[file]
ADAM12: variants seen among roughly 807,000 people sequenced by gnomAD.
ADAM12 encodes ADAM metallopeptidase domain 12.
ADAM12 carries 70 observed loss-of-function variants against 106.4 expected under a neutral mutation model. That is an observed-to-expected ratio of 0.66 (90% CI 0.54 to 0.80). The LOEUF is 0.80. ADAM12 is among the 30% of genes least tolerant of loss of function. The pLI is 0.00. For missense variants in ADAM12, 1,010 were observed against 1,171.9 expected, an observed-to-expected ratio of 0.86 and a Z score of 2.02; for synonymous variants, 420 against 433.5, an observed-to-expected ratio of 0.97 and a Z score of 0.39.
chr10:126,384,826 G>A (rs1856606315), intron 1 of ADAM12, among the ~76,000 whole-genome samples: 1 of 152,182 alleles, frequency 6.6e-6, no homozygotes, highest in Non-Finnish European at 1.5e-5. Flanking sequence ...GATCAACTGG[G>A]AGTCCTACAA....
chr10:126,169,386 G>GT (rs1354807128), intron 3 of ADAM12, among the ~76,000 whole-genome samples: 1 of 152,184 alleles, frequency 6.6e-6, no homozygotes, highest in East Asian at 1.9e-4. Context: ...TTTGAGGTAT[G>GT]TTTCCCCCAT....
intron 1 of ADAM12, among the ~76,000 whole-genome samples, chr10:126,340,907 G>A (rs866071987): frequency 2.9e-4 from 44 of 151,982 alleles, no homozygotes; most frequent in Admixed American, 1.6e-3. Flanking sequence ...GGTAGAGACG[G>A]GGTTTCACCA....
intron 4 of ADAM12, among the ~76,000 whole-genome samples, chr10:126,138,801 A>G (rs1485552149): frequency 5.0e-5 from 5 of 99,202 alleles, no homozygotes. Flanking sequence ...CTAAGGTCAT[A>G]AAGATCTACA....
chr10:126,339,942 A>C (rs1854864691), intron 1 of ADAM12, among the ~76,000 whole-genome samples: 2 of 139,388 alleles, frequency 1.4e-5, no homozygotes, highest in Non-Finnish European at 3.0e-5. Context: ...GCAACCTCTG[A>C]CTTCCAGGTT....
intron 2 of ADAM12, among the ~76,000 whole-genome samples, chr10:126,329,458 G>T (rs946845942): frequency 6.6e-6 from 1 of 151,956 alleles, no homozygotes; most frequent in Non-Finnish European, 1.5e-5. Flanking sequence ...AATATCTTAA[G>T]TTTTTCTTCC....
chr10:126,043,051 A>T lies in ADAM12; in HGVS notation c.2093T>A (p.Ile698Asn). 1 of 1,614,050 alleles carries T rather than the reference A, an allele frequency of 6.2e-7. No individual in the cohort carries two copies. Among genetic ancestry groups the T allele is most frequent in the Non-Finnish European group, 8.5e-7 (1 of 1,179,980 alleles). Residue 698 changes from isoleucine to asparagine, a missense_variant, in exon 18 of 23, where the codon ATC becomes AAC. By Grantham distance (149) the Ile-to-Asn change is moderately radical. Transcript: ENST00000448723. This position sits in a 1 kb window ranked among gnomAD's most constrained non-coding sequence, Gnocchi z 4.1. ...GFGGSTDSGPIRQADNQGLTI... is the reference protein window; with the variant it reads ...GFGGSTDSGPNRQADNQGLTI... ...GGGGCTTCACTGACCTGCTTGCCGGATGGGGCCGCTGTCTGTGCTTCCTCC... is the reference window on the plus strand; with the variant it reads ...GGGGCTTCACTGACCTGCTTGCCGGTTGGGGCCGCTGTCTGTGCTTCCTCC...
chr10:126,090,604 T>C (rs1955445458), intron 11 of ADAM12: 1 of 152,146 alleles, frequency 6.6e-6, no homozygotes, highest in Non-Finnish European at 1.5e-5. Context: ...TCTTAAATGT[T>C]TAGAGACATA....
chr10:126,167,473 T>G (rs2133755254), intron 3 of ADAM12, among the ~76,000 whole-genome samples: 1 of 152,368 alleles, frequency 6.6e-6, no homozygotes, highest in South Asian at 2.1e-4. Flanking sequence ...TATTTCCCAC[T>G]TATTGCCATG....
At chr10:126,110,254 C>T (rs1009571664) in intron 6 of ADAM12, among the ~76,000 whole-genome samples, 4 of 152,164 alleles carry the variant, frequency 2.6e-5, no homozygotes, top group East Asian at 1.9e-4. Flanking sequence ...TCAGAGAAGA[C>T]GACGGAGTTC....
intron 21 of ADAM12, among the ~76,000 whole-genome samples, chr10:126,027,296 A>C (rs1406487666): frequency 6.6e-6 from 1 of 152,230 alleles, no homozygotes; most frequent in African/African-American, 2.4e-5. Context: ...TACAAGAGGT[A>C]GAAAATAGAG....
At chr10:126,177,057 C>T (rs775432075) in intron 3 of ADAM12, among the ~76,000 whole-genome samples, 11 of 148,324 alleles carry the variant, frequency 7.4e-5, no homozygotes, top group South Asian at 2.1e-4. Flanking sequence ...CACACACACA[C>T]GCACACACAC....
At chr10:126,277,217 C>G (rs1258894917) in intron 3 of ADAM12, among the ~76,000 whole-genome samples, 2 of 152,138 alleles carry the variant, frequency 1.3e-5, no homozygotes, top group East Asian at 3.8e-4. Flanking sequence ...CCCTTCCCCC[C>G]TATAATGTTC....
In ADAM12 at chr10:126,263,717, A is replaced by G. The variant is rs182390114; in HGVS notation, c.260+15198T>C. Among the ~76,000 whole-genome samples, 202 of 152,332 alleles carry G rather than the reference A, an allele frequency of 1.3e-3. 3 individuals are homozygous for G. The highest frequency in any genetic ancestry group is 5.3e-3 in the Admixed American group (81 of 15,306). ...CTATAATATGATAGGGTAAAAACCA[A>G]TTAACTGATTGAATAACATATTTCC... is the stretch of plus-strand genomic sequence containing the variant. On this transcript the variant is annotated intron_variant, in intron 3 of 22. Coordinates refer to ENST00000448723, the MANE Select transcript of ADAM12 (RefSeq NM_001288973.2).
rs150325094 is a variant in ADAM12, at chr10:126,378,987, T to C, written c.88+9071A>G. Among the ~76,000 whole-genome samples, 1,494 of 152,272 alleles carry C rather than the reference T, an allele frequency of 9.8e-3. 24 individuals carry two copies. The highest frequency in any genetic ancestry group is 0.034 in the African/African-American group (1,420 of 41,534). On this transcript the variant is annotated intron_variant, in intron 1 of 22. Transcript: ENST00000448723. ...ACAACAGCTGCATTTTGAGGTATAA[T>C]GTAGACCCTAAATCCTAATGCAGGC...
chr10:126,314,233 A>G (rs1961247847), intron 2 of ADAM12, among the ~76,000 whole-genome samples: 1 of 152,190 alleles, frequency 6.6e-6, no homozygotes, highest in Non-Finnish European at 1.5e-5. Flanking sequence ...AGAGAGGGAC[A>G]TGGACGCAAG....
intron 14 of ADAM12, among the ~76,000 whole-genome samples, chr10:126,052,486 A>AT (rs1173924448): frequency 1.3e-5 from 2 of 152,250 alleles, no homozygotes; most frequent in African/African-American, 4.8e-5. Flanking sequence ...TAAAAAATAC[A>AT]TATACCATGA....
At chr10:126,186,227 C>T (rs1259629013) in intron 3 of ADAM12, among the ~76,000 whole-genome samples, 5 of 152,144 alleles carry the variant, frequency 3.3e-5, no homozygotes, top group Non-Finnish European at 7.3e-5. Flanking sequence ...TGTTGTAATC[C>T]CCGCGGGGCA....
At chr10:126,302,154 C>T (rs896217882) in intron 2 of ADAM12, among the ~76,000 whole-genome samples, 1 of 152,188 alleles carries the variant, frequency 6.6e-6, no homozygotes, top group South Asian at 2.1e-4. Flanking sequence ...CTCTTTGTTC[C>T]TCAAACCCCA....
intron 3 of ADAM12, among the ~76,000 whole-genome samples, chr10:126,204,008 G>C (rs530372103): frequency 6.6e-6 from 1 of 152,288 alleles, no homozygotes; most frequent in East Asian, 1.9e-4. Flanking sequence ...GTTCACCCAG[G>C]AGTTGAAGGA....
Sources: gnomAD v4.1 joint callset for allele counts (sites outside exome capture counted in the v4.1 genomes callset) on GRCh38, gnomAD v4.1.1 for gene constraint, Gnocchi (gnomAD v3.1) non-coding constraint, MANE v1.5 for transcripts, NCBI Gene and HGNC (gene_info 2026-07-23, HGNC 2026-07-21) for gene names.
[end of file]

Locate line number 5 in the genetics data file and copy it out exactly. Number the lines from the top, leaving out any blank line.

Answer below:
chr10:126,169,386 G>GT (rs1354807128), intron 3 of ADAM12, among the ~76,000 whole-genome samples: 1 of 152,184 alleles, frequency 6.6e-6, no homozygotes, highest in East Asian at 1.9e-4. Context: ...TTTGAGGTAT[G>GT]TTTCCCCCAT....